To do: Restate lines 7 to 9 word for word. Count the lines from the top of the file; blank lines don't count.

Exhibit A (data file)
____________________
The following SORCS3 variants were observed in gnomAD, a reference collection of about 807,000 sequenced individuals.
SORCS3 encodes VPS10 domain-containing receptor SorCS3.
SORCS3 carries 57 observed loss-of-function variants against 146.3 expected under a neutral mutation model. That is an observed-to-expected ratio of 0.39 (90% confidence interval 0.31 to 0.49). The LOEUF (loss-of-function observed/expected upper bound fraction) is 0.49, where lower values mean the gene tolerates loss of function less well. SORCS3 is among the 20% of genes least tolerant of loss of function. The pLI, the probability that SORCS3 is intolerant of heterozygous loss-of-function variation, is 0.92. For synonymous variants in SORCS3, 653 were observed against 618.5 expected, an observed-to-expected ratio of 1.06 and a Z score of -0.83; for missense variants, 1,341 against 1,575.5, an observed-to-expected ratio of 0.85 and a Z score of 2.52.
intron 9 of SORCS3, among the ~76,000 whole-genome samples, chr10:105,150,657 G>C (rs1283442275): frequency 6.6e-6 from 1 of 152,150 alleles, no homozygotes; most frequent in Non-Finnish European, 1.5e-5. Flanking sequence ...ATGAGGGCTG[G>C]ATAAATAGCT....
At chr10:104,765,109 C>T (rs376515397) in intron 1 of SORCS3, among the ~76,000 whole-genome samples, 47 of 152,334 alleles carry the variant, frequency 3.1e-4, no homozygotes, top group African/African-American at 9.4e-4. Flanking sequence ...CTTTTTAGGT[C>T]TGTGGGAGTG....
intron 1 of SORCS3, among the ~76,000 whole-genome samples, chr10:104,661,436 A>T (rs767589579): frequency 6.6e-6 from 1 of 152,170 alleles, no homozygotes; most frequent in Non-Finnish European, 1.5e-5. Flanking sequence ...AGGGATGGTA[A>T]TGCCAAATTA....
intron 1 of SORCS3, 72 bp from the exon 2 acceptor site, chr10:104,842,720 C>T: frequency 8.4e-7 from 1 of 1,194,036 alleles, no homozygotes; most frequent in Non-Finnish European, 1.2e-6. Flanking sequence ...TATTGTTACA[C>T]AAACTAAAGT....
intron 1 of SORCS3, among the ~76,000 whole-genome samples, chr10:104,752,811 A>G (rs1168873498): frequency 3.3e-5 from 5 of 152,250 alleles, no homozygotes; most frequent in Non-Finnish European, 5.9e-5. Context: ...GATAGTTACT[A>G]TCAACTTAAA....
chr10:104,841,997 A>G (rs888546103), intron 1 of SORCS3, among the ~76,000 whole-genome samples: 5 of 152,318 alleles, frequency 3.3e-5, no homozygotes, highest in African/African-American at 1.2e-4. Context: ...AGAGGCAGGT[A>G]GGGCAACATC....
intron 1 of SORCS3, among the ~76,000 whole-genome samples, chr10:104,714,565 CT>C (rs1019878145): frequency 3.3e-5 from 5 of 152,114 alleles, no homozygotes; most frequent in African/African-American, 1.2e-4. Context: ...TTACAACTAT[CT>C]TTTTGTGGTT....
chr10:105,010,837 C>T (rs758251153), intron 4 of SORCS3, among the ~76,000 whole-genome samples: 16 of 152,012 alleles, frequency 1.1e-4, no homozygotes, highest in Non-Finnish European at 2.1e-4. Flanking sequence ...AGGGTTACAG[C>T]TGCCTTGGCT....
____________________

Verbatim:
intron 1 of SORCS3, 72 bp from the exon 2 acceptor site, chr10:104,842,720 C>T: frequency 8.4e-7 from 1 of 1,194,036 alleles, no homozygotes; most frequent in Non-Finnish European, 1.2e-6. Flanking sequence ...TATTGTTACA[C>T]AAACTAAAGT....
intron 1 of SORCS3, among the ~76,000 whole-genome samples, chr10:104,752,811 A>G (rs1168873498): frequency 3.3e-5 from 5 of 152,250 alleles, no homozygotes; most frequent in Non-Finnish European, 5.9e-5. Context: ...GATAGTTACT[A>G]TCAACTTAAA....
chr10:104,841,997 A>G (rs888546103), intron 1 of SORCS3, among the ~76,000 whole-genome samples: 5 of 152,318 alleles, frequency 3.3e-5, no homozygotes, highest in African/African-American at 1.2e-4. Context: ...AGAGGCAGGT[A>G]GGGCAACATC....